Tobold's Blog
Sunday, January 24, 2010
 
Printing the internet

There is an old joke about some CEO who heard about how the internet was going to be the next big thing and asked his secretary to print it out for him so he could have a look for himself. I was thinking of that joke when Blogger waved an advertisement for Blog2Print under my nose. That service takes any blog RSS feed, and converts it into a printed book. So if I wanted, I could print out my blog.

Sounds nice, but there are some problems. The obvious one is volume of content, leading to cost. I created an example "book" from my blog feed just for one year, 2009, without comments, and the book had over 500 pages, and would cost $200 in soft cover to print out. Then of course the entries of a blog in their original order do not make a good book at all, because for example the chapters on my characters in WoW aren't subsequent, but interrupted by blog entries on other games, or about blogging, or other subjects.

The less obvious problem is intellectual property. Morally speaking the content on my blog is my intellectual property, but technically it is in the public domain. Thus if YOU want my blog in print, there is nothing to prevent you to pay those $200 to Blog2Print to have all my posts of 2009 in a nice softcover volume to read in the train. But I wont see a single cent of that money, it will be the Blog2Print people who keep it all. That seems somewhat unfair to me, even if legally there isn't anything I could do about it. And technically the only thing I could do to prevent it is to shut down my RSS feed, but that would close out half of my readers.
Comments:
You could always kill the internet.

But then no one would be able to read anything we write. :(
 
Caveat IANAL:

My understanding of US Code (Title 17, the Copyright Act) is that even if you do not explicitly copyright your content, you as the author of the work still have complete copyright of your content, and any property you’ve created. The law applies to non-citizens as well, such as stateless persons (someone without citizenship of any nation). Just mentioning this since I’m in the US.

Of coure, you’d have to take such a complaint to civil court. But even if you scribble something on a napkin, regardless of whether you’ve explicitly copyrighted the material, whatever was scribbled on that napkin is still under your copyright and does not belong in public domain.

Of course none of that addresses issues of fair use, or public domain. For example, someone quoting your blog for an article, research paper, or scholastic work is protected by fair use. Still, I think a model that pays a profit to a company to make derivative works of copyrighted material without explicit permission from the author is pretty cut, and dry as being a violation of the US Copyright Act.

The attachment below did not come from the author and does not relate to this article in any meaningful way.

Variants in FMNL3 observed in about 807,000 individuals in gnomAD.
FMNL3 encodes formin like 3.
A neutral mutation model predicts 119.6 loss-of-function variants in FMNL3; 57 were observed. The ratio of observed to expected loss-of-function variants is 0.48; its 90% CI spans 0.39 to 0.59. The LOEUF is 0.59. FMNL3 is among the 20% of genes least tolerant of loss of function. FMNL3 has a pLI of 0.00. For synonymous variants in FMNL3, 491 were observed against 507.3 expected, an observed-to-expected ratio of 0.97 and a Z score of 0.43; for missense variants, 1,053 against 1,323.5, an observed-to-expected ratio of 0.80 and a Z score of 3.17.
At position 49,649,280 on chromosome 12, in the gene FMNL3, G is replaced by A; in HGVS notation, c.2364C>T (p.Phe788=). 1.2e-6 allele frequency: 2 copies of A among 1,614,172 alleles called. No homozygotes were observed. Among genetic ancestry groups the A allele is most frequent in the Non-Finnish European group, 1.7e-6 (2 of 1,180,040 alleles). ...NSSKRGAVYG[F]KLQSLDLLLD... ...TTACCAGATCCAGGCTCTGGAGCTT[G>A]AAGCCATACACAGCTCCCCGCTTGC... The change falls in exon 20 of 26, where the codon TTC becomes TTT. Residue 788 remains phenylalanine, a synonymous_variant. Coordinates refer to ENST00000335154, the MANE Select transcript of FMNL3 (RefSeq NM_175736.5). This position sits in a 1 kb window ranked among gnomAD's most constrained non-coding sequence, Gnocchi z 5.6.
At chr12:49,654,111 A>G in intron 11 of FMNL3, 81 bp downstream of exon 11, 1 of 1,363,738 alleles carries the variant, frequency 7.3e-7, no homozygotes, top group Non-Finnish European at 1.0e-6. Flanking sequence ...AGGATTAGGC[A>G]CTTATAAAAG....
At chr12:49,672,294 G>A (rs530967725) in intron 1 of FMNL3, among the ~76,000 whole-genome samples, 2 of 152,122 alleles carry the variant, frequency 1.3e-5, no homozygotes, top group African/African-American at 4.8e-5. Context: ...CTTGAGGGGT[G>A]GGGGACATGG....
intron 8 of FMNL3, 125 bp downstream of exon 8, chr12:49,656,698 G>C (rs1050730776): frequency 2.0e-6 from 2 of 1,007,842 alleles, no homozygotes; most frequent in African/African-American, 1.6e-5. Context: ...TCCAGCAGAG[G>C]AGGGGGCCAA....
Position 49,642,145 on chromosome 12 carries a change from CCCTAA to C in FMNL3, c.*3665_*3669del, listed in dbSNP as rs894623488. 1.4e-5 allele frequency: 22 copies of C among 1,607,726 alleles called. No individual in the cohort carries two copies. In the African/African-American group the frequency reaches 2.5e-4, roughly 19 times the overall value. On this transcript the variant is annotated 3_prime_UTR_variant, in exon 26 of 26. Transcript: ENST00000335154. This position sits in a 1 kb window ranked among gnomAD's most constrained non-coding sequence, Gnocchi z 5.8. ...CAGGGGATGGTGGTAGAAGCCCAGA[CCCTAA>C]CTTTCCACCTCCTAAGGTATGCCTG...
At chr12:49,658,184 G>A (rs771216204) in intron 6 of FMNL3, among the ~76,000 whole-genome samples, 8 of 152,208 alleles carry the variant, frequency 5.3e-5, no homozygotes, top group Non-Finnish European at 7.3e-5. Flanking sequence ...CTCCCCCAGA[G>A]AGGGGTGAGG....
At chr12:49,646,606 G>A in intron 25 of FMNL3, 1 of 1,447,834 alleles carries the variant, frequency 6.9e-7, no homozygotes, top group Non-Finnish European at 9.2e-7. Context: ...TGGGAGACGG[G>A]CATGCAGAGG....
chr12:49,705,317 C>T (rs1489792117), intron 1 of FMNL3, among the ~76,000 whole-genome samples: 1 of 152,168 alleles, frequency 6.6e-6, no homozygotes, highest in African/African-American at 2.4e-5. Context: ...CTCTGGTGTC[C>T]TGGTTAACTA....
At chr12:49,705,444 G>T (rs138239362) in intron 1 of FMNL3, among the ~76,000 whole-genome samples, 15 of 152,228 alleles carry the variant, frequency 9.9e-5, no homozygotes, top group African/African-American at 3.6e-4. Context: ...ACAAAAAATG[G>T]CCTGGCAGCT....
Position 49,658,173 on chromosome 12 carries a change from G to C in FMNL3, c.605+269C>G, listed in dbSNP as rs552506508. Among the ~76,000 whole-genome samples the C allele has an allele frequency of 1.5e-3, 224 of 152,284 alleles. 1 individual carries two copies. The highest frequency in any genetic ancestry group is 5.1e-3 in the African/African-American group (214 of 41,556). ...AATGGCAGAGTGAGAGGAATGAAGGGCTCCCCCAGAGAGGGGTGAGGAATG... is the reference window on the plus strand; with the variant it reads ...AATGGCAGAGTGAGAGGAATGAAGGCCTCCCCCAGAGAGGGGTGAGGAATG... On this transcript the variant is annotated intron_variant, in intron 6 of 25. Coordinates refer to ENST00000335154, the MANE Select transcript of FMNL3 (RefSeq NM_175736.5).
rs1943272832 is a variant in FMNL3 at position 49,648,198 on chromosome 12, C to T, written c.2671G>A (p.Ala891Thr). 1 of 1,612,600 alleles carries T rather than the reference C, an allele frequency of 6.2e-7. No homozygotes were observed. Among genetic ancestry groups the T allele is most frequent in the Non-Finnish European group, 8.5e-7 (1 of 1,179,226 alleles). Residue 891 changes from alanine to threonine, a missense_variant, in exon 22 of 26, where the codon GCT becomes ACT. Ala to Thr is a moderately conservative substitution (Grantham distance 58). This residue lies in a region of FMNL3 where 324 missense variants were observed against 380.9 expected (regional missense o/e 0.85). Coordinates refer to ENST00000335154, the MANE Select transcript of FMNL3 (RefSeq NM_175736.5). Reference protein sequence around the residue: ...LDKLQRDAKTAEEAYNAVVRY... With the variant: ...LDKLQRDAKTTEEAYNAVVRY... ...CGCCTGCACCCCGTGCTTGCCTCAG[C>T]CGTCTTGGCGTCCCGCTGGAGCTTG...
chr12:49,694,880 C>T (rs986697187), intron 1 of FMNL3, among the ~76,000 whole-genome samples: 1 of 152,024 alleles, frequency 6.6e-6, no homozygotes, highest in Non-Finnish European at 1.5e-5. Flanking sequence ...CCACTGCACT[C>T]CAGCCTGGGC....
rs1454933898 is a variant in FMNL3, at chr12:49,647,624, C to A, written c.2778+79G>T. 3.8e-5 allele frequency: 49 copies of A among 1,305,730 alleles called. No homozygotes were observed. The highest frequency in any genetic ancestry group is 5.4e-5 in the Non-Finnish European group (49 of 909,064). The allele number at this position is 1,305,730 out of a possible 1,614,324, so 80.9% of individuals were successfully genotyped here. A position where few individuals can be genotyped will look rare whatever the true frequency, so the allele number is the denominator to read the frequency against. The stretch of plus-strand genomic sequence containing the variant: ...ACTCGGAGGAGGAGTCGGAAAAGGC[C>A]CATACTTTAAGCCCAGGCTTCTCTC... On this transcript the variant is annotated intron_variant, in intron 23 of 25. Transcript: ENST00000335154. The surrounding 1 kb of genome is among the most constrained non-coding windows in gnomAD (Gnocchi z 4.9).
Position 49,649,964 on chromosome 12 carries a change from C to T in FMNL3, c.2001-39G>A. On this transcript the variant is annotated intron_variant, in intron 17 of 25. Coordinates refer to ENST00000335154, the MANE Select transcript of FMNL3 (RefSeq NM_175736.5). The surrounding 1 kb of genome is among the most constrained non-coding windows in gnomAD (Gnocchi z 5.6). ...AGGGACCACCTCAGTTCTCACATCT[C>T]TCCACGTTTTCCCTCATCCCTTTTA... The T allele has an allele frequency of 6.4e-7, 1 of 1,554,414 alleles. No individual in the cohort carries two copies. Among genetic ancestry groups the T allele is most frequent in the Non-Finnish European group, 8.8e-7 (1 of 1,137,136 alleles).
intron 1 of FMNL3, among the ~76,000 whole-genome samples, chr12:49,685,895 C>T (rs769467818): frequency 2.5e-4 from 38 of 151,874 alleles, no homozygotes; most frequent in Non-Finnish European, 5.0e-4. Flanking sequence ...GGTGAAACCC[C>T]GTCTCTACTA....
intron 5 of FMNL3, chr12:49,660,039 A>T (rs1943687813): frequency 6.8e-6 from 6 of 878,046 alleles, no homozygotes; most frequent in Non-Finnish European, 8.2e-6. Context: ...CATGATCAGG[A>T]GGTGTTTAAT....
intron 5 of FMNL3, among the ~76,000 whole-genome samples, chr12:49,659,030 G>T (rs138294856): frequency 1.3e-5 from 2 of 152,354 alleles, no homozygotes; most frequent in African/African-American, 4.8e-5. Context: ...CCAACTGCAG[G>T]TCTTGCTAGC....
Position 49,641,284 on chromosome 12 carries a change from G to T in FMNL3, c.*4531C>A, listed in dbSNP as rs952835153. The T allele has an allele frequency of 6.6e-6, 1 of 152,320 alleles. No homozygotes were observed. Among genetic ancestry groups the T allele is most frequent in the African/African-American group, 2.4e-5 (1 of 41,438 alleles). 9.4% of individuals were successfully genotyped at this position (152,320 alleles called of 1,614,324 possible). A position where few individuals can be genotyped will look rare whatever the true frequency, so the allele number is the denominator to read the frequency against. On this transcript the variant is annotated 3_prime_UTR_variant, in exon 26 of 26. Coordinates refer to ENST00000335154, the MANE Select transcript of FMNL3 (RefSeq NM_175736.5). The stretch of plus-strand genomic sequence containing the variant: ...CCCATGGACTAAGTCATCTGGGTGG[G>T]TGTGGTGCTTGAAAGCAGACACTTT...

I’m sure it’s different in Europe, EU, UK, other places, and whatnot. YMMV, &c.

Such a service maybe on a shaky legal ground though.
 
Actually, your posts are public, but they're not in the public domain unless you explicitly state they are (or they fall out of the duration of protection on copyright). I don't see it marked on any page that you've put your posts into the public domain.

I only know U.S. law well (with the standard disclaimer that I'm not a lawyer and this isn't legal advice), but you automatically own copyright of any work you create. If you register the copyright, then you have additional protections. You could stop someone from printing off a book from your RSS feed by claiming copyright infringement. Things may be different in your country, but copyright protection is pretty standardized in most countries by this point.

Again, if you're really worried about this, consult a intellectual property lawyer in your country.
 
"The less obvious problem is intellectual property. Morally speaking the content on my blog is my intellectual property, but technically it is in the public domain. Thus if YOU want my blog in print, there is nothing to prevent you to pay those $200 to Blog2Print to have all my posts of 2009 in a nice softcover volume to read in the train. But I wont see a single cent of that money, it will be the Blog2Print people who keep it all. That seems somewhat unfair to me, even if legally there isn't anything I could do about it. "

I'm not sure this is correct. Copyright is automatic, as stated in wikipedia "In all countries where the Berne Convention standards apply, copyright is automatic, and need not be obtained through official registration with any government office."
See the full article at:

http://en.wikipedia.org/wiki/Copyright

So I'm not at all sure Blog2Print can print your blog content for money without your approval as copyright holder. Public domain != no copyright. Of course IANAL :)
 
Intellectual property rights aren't some natural law like gravity. The concept wasn't codified until the end of the 19th century, so we've only had to put up with it for just over a century and with luck we are close to seeing its demise.

There are other arguments for product rights in other spheres of industry, but for pure creative rights (music, art, literature etc) the moral imperative has to be creation, period, not financial reward. If you don't feel you have been sufficiently recompensed for your time and effort by the satisfaction of the act of creation itself then, frankly, you shouldn't be creating.

Similarly, if you have a problem with your creation being copied and distributed by others who admire it or find it worthwhile, then you shouldn't make it publicly available in the first place.